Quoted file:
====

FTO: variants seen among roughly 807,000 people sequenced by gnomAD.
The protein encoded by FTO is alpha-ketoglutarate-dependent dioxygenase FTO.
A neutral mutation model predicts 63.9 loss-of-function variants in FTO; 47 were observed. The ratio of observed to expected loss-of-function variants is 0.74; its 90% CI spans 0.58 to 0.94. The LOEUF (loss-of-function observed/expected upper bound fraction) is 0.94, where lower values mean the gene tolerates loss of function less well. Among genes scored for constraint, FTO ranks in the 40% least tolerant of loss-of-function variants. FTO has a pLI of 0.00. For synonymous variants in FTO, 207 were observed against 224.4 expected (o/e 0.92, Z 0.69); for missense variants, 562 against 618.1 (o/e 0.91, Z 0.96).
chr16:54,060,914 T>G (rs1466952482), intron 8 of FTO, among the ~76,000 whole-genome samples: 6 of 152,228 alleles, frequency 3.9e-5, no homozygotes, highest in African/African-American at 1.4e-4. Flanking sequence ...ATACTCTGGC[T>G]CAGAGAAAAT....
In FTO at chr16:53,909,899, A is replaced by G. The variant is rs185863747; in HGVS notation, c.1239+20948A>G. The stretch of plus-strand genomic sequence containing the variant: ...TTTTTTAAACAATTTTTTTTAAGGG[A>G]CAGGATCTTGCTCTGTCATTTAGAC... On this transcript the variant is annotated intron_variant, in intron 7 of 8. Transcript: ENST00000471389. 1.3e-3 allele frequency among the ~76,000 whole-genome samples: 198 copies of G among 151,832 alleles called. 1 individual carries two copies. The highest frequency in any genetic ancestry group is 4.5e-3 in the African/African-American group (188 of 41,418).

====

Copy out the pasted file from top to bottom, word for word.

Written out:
FTO: variants seen among roughly 807,000 people sequenced by gnomAD.
The protein encoded by FTO is alpha-ketoglutarate-dependent dioxygenase FTO.
A neutral mutation model predicts 63.9 loss-of-function variants in FTO; 47 were observed. The ratio of observed to expected loss-of-function variants is 0.74; its 90% CI spans 0.58 to 0.94. The LOEUF (loss-of-function observed/expected upper bound fraction) is 0.94, where lower values mean the gene tolerates loss of function less well. Among genes scored for constraint, FTO ranks in the 40% least tolerant of loss-of-function variants. FTO has a pLI of 0.00. For synonymous variants in FTO, 207 were observed against 224.4 expected (o/e 0.92, Z 0.69); for missense variants, 562 against 618.1 (o/e 0.91, Z 0.96).
chr16:54,060,914 T>G (rs1466952482), intron 8 of FTO, among the ~76,000 whole-genome samples: 6 of 152,228 alleles, frequency 3.9e-5, no homozygotes, highest in African/African-American at 1.4e-4. Flanking sequence ...ATACTCTGGC[T>G]CAGAGAAAAT....
In FTO at chr16:53,909,899, A is replaced by G. The variant is rs185863747; in HGVS notation, c.1239+20948A>G. The stretch of plus-strand genomic sequence containing the variant: ...TTTTTTAAACAATTTTTTTTAAGGG[A>G]CAGGATCTTGCTCTGTCATTTAGAC... On this transcript the variant is annotated intron_variant, in intron 7 of 8. Transcript: ENST00000471389. 1.3e-3 allele frequency among the ~76,000 whole-genome samples: 198 copies of G among 151,832 alleles called. 1 individual carries two copies. The highest frequency in any genetic ancestry group is 4.5e-3 in the African/African-American group (188 of 41,418).